Loose Leaf Tea History: The Beginnings of Tea Drinking

People drink tea for different reasons. Some drink it because they need a beverage with less caffeine than coffee, and some take it due to its health benefits. Others just want to appear more sophisticated. There are various kinds of loose leaf tea–black, green, oolong, and herbal–each of which has its own benefits.

Tea is one of the most popular and healthy beverages in the world. In Canada alone, Canadians consume almost 9 billion cups of tea every year, according to Canadian Food Trends. Have you ever wondered how tea emerged to become a staple in many kitchens, and where it came from? Here’s a brief history.

Tea was first discovered in China and has conquered almost every country in the world. In one legend, the discovery was even credited to the Emperor of China in 2737 BC. For hundreds of years, tea was consumed for its health benefits. However, during the Western Zhou Dynasty, tea became a religious offering.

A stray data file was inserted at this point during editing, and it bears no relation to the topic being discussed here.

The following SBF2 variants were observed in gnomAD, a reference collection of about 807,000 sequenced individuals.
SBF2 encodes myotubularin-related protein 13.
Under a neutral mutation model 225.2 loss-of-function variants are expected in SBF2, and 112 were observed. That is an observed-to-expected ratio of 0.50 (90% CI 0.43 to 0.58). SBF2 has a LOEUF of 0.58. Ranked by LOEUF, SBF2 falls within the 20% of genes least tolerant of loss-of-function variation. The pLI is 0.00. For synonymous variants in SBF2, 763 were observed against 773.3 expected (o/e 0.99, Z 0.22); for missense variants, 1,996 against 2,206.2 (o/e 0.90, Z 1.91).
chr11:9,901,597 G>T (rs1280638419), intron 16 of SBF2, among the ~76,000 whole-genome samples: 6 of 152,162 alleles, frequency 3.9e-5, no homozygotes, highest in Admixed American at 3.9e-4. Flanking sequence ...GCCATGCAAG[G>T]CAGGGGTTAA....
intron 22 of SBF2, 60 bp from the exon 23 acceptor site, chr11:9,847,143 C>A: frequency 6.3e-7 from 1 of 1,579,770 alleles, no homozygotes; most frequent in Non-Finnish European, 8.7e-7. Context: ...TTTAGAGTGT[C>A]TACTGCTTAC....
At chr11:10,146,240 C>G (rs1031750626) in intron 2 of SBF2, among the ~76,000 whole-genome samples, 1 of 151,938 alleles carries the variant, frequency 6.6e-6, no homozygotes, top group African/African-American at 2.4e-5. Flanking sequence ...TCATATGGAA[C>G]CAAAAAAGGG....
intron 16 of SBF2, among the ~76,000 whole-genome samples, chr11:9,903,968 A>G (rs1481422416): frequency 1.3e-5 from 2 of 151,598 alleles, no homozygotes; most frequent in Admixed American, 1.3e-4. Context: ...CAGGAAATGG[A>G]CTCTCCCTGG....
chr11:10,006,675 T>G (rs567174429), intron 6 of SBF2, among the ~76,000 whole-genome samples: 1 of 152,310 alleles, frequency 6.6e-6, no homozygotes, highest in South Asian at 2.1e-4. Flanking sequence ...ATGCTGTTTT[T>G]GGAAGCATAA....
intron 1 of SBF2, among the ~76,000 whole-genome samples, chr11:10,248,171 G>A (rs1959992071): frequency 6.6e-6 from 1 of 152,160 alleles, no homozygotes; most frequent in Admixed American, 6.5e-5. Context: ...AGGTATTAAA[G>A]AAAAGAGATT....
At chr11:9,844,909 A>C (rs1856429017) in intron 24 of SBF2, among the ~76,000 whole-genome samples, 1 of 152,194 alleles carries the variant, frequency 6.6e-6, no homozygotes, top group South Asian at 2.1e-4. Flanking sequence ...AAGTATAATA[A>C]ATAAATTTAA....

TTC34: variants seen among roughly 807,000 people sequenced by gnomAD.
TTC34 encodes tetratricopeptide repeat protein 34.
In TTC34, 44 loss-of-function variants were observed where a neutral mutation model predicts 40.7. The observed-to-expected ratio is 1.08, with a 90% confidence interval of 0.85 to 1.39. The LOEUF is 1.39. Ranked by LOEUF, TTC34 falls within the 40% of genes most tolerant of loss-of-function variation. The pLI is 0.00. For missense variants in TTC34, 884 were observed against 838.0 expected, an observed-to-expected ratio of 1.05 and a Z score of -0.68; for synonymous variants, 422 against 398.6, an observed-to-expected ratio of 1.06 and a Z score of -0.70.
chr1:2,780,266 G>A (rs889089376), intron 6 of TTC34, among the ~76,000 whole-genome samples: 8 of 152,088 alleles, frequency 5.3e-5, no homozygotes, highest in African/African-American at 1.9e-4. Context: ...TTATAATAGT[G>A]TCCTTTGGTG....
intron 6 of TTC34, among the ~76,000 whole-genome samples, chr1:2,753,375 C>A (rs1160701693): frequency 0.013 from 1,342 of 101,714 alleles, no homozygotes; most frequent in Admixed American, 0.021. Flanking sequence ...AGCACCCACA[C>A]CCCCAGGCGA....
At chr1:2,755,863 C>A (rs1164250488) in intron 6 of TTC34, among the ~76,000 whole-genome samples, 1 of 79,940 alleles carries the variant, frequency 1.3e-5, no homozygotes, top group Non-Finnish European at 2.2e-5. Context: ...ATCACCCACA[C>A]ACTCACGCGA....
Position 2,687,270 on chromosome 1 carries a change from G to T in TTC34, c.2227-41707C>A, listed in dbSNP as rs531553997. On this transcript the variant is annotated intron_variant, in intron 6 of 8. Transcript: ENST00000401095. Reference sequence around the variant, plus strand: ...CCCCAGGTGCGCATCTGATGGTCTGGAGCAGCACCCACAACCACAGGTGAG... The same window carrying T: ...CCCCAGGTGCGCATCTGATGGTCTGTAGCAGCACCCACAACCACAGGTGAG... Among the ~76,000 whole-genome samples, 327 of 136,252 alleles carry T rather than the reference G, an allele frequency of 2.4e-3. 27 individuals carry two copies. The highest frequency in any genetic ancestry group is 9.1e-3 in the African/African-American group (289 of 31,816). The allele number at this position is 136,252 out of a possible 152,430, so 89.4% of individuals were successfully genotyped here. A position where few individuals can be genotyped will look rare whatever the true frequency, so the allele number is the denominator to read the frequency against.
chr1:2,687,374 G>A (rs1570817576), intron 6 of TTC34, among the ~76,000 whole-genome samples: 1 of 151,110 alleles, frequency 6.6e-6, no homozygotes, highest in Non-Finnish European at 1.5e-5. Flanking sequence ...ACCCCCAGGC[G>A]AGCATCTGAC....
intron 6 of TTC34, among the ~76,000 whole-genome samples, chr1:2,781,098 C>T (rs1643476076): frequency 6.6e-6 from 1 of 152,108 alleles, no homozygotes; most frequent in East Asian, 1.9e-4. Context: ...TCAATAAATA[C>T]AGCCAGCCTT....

During the Tang Dynasty, tea spread through Japan, where only the priests and the rich consumed it because of its medicinal benefits. In the 17th century, tea was introduced to England when King Charles II married Catherine of Braganza, a Portuguese princess, who fashioned tea as the drink for the royalty.

Just like regular tea, loose leaf tea was also discovered in China. In China’s early stages of drinking tea, leaves were only boiled with sweets and spices. During the Ming Dynasty, steeping loose tea leaves in teapots became more common. Loose leaf tea was introduced to Japan around 100 AD by Yei-sai-zenji. It was also at this time when the Japanese tea ritual was invented.

In Europe, loose leaf tea was first documented by Marco Polo in the mid-11th century, while in Canada, it was first brought by The Hudson Bay Company in 1716. In America, tea became a part of political history during the Boston Tea Party of 1773.

Loose leaf tea has various benefits. Aside from the fact that there are different healthy tea options, this particular tea is better for the environment because it comes without extra packaging. It is always best to understand modern tea drinking and the history of the tea products that you use. For more information, visit www.huffingtonpost.com/lisa-mirza-grotts/the-history-and-etiquette_b_3751053.html

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